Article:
2016, Movies

City of Tiny Lights (2016, Pete Travis)

City of Tiny Lights takes a really traditional noir story (some might say tired) and ingeniously transplants it to contemporary London, in particular a multi-ethnic, predominantly Muslim neighbourhood. All the classic noir tropes are here but in a completely new form.

SPOILERS

There’s the woman who may or may not be a femme fatale. The old friend who’s now rich and who hires the dupe PI to look into the case. The PI who doesn’t know any better and just keeps trying to find out what’s going on, despite how bad it is for him. And, of course, the mysterious, dark secret, this time transplanted to a UK high school love triangle.

It’s a really neat spin on a genre that doesn’t get much attention these days, and I pretty much loved it. The ending is extremely un-noir – a happy, pro-multicultural Britain ending that should have been cheesy but made me feel really good – which almost made me like it more.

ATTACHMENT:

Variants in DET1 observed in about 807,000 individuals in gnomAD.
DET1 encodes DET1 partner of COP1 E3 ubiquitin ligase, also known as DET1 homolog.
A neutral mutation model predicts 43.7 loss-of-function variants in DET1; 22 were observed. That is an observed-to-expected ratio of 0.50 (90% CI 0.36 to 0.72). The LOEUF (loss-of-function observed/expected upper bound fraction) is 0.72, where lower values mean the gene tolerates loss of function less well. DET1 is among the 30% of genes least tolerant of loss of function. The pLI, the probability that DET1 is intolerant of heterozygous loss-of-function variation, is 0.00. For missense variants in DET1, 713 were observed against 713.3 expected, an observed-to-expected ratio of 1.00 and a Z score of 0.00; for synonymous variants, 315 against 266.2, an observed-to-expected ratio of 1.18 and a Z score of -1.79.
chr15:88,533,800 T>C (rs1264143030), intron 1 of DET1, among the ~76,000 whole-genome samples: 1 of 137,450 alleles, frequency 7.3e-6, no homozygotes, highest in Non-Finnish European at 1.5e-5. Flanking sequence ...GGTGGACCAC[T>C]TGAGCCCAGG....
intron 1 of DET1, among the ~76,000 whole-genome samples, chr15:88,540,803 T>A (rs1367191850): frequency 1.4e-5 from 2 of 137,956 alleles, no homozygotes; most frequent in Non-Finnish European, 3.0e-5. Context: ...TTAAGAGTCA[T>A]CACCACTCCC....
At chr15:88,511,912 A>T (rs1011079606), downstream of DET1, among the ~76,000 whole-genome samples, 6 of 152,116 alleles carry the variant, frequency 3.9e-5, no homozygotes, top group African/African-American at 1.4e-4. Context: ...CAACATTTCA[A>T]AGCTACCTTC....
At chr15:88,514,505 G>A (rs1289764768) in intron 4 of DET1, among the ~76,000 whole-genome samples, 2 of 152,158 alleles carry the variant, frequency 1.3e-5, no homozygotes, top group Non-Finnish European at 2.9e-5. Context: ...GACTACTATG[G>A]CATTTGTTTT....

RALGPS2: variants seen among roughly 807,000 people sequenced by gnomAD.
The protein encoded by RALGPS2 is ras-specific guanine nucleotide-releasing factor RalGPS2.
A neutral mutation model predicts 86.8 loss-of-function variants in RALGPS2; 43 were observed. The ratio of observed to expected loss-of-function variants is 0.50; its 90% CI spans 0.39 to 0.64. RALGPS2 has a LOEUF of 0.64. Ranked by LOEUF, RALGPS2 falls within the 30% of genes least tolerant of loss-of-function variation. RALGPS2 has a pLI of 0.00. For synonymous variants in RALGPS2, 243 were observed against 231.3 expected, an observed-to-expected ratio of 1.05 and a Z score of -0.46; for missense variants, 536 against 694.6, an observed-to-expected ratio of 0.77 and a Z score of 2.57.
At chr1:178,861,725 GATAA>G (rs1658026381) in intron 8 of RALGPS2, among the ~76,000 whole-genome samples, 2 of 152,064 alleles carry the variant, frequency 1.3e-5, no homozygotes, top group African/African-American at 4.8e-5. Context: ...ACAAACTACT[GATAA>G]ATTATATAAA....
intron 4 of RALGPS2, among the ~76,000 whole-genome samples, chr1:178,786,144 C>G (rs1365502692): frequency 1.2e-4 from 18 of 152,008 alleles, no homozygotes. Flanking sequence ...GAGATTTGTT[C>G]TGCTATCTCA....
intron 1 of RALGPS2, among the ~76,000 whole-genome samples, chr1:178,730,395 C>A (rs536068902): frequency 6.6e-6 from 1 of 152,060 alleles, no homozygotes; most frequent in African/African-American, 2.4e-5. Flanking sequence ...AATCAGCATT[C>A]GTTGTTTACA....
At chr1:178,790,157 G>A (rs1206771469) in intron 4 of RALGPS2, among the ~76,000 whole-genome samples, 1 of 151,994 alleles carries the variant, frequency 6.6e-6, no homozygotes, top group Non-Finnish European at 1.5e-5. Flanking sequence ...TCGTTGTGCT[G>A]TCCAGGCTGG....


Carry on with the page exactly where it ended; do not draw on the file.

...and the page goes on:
But I have one criticism: this is over-stylized, to put it mildly. There is a hell of a lot of slow mo, lots of filters and lots and lots of layered shots, as well as a number of repeated shots. It’s the over-stylized visuals and the lack of faith in the audience to figure out a basic noir plot that keep it from being an absolute classic.

8/10

  • Directed by Pete Travis
  • Produced by Ado Yoshizaki Cassuto, Rebecca O’Brien
  • Written by Patrick Neate, Based on City of Tiny Lights by Patrick Neate
  • Starring:
    • Riz Ahmed as Tommy Akhtar
    • Reiss Kershi as Young Tommy Akhtar
    • James Floyd as Hafiz “Lovely” Ansari
    • Antonio Aakeel as Young Lovely
    • Billie Piper as Shelley
    • Cush Jumbo as Melody
    • Roshan Seth as Farzad Akhtar
    • Jake Fairbrother as Tunde
    • Vincent Regan as Tall Man / Schaeffer
    • Danny Webb as DS Cal Donnely
    • Alexander Siddig as Al-Dabaran
    • Liv Hansen as American Woman
    • Anthony Farrelly as Armed Police
    • Amanda Andres as Natasha
    • Hannah Rae as Young Shelley / Emma
  • Music by Ruth Barrett
  • Cinematography by Felix Wiedemann
  • Edited by David Charap
  • Production company: BBC Films, NDF International, Sixteen Films
    BFI
  • Distributed by Icon Film Distribution
  • Release date: 12 September 2016
  • Running time: 110 minutes
  • Country: United Kingdom
  • Language: English

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